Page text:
Reynard wasn’t paying attention. “Suppose I brought you evidence?” he barked.

“Of what?”

“Of the truth,” Reynard said fiercely. “There has to be some justice. She can’t ruin the best years of my son’s life and then just walk away with his child. I tell you, that boy is a nervous wreck.”

Murchison, who was taking note of the voice, the sudden color in the face, the light in the eyes, felt surprise. He had dealt with Reynard for a long time; he had thought the man to be tough-minded, bull-headed, one who rammed through the world with so little understanding of human emotions that he did not even know how ruthlessly he behaved.

But there the lawyer seemed to be recognizing the signs of passion. The eyes were hot; the voice was coming from a throat constricted with feeling. The feeling seemed to be an almost senseless fury.

“I wouldn’t make a point of your son’s emotional collapse,” he said gently.

“You mean to say that everything is weighted on the side of the woman? That I cannot win?”

(You, eh? thought Murchison. I thought so. But what did this poor girl ever do to you?)

“I said it doesn’t happen often,” he told the client. “That is, if there is conflict. Now in the event that she really doesn’t want the child—can’t be bothered, you know, doesn’t like the responsibility, or, for instance, is involved with another man and wants to be free to remarry, and is willing to come before a judge and present herself as an unloving mother and whine about the nuisance of it all—well, that might be different.”

“She can voluntarily give the child up?”

“No. No. The judge makes the decision. But such an attitude well might influence him, don’t you see?”

“I see. Can she take the child out of the state?” Reynard demanded.

(Ho, thought the lawyer. So she does want the child.)

“As soon as she has custody, she can,” he said. “Of course, she could simply take off, illegally, at any time. No barbed wire at the border.”

“If she does that—” Reynard did not go on, but his face threatened ugly reprisal.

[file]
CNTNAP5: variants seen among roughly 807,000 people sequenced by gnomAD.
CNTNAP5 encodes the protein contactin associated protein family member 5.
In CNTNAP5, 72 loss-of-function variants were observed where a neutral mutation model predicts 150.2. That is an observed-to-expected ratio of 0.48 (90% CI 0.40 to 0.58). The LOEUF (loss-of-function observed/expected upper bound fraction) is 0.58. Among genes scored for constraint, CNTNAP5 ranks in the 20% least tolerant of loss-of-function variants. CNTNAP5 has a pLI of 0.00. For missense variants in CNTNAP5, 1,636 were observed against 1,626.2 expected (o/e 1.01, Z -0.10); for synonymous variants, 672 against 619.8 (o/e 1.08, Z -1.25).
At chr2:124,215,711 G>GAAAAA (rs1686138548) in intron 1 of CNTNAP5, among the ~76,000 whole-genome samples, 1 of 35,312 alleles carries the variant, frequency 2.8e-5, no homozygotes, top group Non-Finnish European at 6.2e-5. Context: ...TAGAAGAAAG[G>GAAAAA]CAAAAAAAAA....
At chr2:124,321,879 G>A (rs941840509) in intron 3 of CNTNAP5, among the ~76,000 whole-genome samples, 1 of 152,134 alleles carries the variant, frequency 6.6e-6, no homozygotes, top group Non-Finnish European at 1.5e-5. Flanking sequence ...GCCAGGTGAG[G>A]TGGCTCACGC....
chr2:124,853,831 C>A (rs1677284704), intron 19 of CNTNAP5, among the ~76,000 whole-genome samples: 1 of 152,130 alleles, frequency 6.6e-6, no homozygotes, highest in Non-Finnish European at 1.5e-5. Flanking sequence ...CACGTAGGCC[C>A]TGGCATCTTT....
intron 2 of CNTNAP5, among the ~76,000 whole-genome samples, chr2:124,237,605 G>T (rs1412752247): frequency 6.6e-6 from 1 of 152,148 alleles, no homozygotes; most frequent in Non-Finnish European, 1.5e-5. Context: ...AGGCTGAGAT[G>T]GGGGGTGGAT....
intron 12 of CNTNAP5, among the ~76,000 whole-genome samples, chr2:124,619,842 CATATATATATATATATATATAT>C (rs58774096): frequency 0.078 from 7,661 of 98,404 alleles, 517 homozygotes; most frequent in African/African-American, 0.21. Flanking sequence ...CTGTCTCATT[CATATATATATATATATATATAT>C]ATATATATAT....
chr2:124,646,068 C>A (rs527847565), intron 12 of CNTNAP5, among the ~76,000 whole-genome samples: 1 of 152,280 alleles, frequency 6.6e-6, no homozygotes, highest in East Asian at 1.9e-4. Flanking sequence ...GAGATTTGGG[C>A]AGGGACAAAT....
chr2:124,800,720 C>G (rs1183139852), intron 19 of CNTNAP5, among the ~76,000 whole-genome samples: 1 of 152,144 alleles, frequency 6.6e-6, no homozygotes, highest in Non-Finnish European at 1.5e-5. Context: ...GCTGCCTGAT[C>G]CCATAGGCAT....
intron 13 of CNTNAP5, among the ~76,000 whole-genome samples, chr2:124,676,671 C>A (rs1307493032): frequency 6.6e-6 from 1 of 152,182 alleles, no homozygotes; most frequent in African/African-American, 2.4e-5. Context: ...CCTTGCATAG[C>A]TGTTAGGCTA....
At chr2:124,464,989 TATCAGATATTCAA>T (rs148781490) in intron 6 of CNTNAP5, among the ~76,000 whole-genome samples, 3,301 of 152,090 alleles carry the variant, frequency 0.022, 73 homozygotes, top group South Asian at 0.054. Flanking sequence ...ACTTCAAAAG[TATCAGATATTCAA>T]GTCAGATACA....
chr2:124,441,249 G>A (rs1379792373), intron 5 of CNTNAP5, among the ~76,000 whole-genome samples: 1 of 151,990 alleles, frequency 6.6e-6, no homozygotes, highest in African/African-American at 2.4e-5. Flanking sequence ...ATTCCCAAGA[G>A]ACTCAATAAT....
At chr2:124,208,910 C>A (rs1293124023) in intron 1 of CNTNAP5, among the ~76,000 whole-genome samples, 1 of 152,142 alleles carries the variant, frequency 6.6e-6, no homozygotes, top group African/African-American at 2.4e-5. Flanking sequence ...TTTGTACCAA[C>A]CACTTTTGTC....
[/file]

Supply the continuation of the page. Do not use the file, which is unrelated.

“Custody,” said the lawyer, “is normally decided at the time of the hearing for the interlocutory. Of course, if there is a custody fight, the fight can go on and on, a long miserable,” he cautioned, “and pretty soul-destroying process.”

“I see. And when is this hearing?”

“Who can say?” The lawyer shrugged. “Fairly soon.”

“You would agree it’s just as well if she is prevented from taking the child out of the state before this hearing?”

Murchison said, “Prevented?”

“I don’t see how she can drag him around the country,” Reynard said bitterly, “until he’s over his injuries. She certainly hasn’t the money to hire ambulance planes and all that sort of—What about their property?”

“A settlement should be arranged between them,” said Murchison, watching him closely.

“I don’t want them to meet. She’ll have a lawyer. Can’t you—”

“Counsel might discuss it. What is your son’s position on the property?”

But Reynard asked another question. “Can she take possession of whatever cash there may be?”

“She can, as soon as the settlement is agreed upon.”

“Then it won’t be agreed upon.”

“Just a minute, Mr. Reynard.” The lawyer straightened.

“My son is an injured party. Whatever property there is, he will claim it all.” Reynard leaned back.

“He won’t get it,” the lawyer said sharply.

“Take a judge to say so, I presume?”

The lawyer stared at him for a moment. Then he said, “That’s your idea of preventing her from taking the child anywhere? Aren’t you being unduly suspicious? You risk putting a judge’s back up, believe me, under the circumstances. Don’t do this, Mr. Reynard. Why are you so afraid she’ll try to run away with the little boy?”

“She told me so,” snapped Reynard.

“You’re sure? You didn’t misunderstand?”

“I understand this,” said Reynard. “The sooner the whole thing is legally decided and Emily and I can begin to take some decent care of that child, the better. I don’t want delay. I don’t want any long miserable process. And I don’t want to have to send people chasing after her either. I intend to see about this proof—”